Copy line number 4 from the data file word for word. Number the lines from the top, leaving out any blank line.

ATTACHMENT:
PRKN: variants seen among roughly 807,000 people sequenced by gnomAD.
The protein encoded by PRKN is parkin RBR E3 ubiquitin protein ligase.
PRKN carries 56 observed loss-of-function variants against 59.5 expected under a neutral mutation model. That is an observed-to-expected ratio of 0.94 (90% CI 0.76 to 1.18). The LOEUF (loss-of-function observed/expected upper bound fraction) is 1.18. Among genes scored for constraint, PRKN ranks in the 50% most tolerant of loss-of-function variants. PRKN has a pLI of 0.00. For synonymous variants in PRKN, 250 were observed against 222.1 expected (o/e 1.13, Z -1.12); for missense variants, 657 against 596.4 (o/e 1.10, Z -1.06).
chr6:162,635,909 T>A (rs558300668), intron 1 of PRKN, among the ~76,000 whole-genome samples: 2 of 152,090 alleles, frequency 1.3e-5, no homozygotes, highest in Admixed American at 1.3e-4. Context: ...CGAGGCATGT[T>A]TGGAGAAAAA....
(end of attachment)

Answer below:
chr6:162,635,909 T>A (rs558300668), intron 1 of PRKN, among the ~76,000 whole-genome samples: 2 of 152,090 alleles, frequency 1.3e-5, no homozygotes, highest in Admixed American at 1.3e-4. Context: ...CGAGGCATGT[T>A]TGGAGAAAAA....